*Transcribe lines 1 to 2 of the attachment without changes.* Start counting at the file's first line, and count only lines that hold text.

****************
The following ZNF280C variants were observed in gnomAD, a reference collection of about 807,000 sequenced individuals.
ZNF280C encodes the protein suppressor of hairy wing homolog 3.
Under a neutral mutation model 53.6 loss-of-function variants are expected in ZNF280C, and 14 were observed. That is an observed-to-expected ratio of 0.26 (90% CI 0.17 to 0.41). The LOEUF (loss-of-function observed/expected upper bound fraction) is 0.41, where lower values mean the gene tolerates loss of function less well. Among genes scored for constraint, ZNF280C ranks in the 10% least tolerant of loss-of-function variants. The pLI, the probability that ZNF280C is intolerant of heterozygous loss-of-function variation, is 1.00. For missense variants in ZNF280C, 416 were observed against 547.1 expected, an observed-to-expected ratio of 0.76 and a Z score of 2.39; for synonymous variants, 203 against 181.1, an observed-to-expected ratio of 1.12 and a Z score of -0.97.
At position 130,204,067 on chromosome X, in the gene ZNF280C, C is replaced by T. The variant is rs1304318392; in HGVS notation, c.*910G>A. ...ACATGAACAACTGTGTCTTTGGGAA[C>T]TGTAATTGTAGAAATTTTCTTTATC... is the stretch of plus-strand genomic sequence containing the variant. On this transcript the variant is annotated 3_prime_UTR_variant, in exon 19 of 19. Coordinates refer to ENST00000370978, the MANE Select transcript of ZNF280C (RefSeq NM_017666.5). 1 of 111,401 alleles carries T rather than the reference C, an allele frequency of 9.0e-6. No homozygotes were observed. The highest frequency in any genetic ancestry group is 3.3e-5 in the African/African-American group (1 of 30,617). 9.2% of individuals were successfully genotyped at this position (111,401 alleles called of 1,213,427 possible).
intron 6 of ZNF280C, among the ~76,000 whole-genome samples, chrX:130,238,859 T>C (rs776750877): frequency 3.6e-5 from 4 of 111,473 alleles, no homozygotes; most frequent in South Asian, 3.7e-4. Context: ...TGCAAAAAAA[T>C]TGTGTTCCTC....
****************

The following ZNF280C variants were observed in gnomAD, a reference collection of about 807,000 sequenced individuals.
ZNF280C encodes the protein suppressor of hairy wing homolog 3.